Consequences of Pride: Creon as the Tragic Hero of Sophocles' Antigone
While it is likely that Oedipus Rex is the only character who completely embodies Aristotle's idea of a tragic hero, there are many characters who possess enough of his defined characteristics to qualify as the tragic hero of their respective drama. Creon, the King of Thebes in Sophocles' Antigone, is one such character. A noble and relatively virtuous man who loses everything he has as a result of his excessive pride, Creon experiences a revelatory manifestation moments too late to undo his wrongdoing, thus making him the Aristotelian tragic hero of the drama.
As is required of an Aristotelian tragic hero, Creon is of high social status, for at the beginning of the play it is made known that he is the King of Thebes. In addition, Creon's high moral character, as seen through his love for the state, the just decision to punish Polyneices, and his good leadership, further makes him worthy to possess the label of tragic hero. When speaking to the chorus, Creon states:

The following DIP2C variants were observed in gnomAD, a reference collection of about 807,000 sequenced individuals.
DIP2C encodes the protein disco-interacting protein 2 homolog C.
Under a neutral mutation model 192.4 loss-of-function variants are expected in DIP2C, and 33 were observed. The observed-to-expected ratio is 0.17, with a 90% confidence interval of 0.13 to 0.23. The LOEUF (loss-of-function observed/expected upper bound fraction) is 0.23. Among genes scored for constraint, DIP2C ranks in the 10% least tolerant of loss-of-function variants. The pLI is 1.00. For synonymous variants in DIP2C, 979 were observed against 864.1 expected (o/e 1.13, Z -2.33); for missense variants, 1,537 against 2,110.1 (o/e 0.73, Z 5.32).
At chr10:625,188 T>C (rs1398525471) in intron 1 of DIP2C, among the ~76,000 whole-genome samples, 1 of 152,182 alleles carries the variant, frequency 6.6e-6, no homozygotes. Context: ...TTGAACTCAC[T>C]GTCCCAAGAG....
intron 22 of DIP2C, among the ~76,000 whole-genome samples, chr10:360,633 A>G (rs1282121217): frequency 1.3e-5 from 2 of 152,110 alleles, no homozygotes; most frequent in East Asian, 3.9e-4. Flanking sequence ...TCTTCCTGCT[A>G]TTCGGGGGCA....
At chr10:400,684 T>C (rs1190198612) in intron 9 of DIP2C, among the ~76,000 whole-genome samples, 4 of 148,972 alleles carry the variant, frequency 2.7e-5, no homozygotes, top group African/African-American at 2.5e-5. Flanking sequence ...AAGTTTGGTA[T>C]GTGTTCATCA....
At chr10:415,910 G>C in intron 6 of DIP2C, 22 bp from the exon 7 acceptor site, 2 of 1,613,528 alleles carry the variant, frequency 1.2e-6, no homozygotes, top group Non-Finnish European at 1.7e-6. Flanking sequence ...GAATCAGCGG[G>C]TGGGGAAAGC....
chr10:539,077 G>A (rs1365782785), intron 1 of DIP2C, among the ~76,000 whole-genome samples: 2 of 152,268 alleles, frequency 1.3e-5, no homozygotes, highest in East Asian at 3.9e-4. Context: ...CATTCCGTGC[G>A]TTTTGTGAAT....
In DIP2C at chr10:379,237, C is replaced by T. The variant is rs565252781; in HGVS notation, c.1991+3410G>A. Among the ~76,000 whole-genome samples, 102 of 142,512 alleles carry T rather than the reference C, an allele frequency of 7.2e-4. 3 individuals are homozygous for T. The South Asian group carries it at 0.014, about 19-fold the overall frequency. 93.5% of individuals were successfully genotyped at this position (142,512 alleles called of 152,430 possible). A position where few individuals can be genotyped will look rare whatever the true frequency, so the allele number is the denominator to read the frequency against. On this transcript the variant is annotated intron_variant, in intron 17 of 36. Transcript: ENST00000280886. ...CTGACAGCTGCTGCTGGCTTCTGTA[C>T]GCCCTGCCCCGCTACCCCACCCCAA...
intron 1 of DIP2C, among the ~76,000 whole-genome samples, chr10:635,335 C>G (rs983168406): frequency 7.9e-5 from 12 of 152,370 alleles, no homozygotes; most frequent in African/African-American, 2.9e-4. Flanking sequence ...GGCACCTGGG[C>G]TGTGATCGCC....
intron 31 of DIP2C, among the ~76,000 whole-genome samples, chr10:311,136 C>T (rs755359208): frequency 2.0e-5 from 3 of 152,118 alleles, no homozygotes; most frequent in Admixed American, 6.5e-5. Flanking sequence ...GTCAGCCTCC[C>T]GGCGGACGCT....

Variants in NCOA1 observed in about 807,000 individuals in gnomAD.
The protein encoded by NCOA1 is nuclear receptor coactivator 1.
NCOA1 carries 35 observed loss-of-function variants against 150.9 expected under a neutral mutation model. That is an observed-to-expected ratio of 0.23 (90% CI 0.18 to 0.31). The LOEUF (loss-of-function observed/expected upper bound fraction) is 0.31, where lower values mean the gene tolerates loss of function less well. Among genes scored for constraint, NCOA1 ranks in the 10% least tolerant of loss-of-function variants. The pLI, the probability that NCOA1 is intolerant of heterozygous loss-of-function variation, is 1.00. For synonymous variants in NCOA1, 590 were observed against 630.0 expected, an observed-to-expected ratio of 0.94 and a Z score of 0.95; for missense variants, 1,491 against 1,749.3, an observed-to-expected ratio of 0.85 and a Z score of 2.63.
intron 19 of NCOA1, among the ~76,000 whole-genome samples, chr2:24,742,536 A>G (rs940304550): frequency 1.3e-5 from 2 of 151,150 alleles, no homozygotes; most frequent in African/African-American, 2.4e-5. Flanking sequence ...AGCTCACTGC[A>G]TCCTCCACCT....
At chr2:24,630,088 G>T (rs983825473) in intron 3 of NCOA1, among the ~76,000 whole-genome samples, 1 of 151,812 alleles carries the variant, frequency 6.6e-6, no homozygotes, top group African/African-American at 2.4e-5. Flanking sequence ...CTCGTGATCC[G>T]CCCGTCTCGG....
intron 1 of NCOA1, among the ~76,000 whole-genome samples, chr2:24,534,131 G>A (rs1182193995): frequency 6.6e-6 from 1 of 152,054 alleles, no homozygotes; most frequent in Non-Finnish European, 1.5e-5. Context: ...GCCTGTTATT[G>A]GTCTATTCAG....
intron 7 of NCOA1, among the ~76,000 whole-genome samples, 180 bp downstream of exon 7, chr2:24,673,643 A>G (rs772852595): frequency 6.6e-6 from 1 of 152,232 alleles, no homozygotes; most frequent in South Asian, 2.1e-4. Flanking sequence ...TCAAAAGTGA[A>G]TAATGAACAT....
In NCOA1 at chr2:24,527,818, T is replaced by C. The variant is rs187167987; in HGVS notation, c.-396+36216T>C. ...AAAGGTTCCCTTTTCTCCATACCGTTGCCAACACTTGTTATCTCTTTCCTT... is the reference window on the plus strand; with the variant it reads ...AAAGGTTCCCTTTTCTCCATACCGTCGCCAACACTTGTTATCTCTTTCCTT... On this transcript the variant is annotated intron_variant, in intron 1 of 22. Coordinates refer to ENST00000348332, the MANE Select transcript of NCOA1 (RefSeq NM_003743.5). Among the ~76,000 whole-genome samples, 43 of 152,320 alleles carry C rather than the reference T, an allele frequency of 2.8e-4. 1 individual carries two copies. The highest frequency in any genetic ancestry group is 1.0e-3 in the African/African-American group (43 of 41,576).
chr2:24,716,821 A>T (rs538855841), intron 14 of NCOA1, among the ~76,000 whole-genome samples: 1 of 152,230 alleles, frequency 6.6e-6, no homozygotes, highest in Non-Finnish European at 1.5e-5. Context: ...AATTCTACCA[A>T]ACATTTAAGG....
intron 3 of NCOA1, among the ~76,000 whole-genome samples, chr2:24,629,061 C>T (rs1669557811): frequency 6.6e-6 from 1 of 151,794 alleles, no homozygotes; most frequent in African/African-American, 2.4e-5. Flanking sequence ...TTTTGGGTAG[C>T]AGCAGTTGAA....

. . . if any[one] makes a friend of more account than his fatherland, that man has no place in my regard. For I . . . would not be silent if I saw ruin, instead of safety, coming to the citizens . . . remembering this, that our country is the ship that...
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